1 John 5:7
For there are three that bear record in heaven,
the Father, the Word, and the Holy Ghost:
and these three are one.
In this thread the significance of the Vulgate Prologue to the Canonical Epistles by Jerome will be discussed. This is one of the most incredible and least well understood evidences for the heavenly witnesses. We will start with a quote from Charles Vincent Dolman (1842-1918). Dolman is reviewing the literature at the time of some of the best heavenly witnesses writers.
He is reviewing:
Ernest Ranke (1814-1888), a scholar with an emphasis on the Latin manuscripts, whose edition of the Codex Fuldensis showed the Prologue in 546 AD written in an edition produced under the learned:
Victor of Capua
The Dublin Review (1882)
Recent Evidence in Support of 1 John v. 7 p. 426-439
Charles Vincent Dolman
The story of the bogus forgery accusations is quite educational and has its own intrigues. I started with this quote simply because it gives a type of overview of the historical situation (which we plan to expand upon considerably.)Every one who has read anything of this discussion knows how important a place is held by a certain Prologue to the Canonical Epistles, commonly ascribed to St. Jerome. The writer of that Prologue finds fault with certain unfaithful transcribers for omitting the verse containing the testimony of the Heavenly Witnesses. If it were but certain that this preface came from the pen of St. Jerome, there would be an end to the discussion ; or, rather, the discussion would never have had a beginning. All we know of the preface is this—that it was found in almost all the Latin Bibles from the ninth century downwards, with or without St. Jerome's name attached. Père Simon was the first to question the authenticity of the Prologue, and, finally, the Benedictine editors of St. Jerome added weighty reasons for denying it to be St Jerome's. Since their time the preface has been commonly rejected by critics, and looked upon as an impudent forgery of the ninth century. Thus, one of our strongest witnesses was discredited and driven out of court, to the great injury of the cause. Now, of late years fresh evidence has been adduced, which tends to prove that the critics were too hasty, and that in all probability the Prologue is the genuine work of St. Jerome. At Fulda there is an old Latin New Testament manuscript which bears an eventful history. (p. 428-9) ... We have, then, to thank Dr. Ranke, the learned Editor of the "Codex Fuldensis," for making known the fact that the much-disputed Prologue is no forgery of the ninth century, but in all probability the genuine work of St. Jerome, read and approved as such by Victor of Capua in 546. (p. 430-431)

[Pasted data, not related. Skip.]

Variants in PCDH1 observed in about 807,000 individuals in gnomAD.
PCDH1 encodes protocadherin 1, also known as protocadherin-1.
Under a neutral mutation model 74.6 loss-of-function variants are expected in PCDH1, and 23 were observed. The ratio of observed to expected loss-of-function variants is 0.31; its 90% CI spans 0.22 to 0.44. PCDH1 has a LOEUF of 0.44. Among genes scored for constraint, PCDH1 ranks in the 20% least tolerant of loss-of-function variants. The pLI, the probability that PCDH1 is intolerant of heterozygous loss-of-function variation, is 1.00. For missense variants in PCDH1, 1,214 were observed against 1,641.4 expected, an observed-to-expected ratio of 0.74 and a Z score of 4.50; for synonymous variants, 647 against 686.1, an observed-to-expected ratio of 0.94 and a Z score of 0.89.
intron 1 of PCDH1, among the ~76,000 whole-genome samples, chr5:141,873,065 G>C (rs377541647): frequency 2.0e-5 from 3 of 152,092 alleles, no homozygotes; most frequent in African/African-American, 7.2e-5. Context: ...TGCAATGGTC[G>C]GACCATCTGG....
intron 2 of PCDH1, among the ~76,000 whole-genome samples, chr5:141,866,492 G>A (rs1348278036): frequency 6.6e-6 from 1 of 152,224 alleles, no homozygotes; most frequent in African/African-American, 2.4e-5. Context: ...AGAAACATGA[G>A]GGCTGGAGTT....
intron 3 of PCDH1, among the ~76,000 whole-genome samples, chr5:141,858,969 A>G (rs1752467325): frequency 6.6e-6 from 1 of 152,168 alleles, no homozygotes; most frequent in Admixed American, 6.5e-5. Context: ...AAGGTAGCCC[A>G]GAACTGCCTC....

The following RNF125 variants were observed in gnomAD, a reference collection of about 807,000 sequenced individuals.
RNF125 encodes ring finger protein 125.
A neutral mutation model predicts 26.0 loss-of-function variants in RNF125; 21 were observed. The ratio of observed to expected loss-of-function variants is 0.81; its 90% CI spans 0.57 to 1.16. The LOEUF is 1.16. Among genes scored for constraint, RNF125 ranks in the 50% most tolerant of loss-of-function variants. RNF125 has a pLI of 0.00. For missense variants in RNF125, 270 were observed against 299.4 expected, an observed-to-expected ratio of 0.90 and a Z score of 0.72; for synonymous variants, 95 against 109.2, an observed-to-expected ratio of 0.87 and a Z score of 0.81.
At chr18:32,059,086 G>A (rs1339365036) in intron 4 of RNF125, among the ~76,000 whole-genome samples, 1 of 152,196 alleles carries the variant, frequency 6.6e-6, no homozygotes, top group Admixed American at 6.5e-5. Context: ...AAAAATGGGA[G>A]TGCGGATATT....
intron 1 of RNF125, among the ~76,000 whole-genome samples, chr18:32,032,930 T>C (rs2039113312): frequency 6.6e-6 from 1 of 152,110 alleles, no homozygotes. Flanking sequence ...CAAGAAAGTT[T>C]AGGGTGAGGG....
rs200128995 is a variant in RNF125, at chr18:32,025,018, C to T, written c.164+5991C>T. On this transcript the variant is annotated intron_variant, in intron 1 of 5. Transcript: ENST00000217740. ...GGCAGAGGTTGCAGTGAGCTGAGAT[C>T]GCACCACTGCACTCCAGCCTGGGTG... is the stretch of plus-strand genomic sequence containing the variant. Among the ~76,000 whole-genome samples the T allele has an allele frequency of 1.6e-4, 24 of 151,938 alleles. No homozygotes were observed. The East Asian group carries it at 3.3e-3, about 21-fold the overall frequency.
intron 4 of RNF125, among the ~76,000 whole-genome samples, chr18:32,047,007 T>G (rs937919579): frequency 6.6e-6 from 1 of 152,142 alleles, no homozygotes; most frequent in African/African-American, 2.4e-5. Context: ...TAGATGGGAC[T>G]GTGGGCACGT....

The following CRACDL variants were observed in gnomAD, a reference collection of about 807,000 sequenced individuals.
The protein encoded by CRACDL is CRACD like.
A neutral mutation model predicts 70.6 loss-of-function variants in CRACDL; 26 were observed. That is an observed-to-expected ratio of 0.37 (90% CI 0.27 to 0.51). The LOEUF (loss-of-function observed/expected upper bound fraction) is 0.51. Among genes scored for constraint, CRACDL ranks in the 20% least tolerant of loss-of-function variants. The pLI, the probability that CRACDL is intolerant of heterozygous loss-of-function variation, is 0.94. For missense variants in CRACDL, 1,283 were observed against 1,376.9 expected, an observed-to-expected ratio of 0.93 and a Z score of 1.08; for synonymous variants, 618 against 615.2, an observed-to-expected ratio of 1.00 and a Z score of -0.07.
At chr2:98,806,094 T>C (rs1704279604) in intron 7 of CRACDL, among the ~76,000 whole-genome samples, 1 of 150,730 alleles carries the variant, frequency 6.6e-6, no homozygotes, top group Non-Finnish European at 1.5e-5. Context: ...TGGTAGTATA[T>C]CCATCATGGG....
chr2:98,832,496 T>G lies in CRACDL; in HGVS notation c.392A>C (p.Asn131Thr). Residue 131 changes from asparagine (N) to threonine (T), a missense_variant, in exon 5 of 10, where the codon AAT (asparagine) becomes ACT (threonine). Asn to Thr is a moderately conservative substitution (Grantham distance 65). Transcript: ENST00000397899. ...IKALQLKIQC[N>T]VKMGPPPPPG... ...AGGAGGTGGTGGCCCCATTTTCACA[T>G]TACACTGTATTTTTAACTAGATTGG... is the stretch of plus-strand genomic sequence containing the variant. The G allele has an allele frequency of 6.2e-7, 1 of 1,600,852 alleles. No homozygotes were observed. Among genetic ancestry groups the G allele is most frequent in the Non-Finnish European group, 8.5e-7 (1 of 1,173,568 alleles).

Note too that there is an awareness that a singular evidence of this nature (what we call a super-evidence) can be virtually probative towards the authenticity of the heavenly witnesses:
We plan to be examining the Prologue, the undoubted authenticity for 1200+ years, the history of the debate, its place in the Erasmus dialog with Lee and Stunica, the proposed basis for the forgery accusations, the chimera of it being late, the Fuldensis discovery, and then the scurrying for a Plan B approach by the contras. Also how the history of the Prologue substantiates the words of the Prologue. We may also mildly chastise AV and heavenly witnesses defenders for being a bit asleep at the switch on this one!"If it were but certain that this preface came from the pen of St. Jerome, there would be an end to the discussion ; or, rather, the discussion would never have had a beginning."
Other parts of the review article by Dolman include Leo Zeigler's publication of the Freisengen fragments, an early Old Latin evidence. And reviews of the excellent writing of Arthur-Marie Le Hir (1811-1868) and Charles Forster (1787-1871).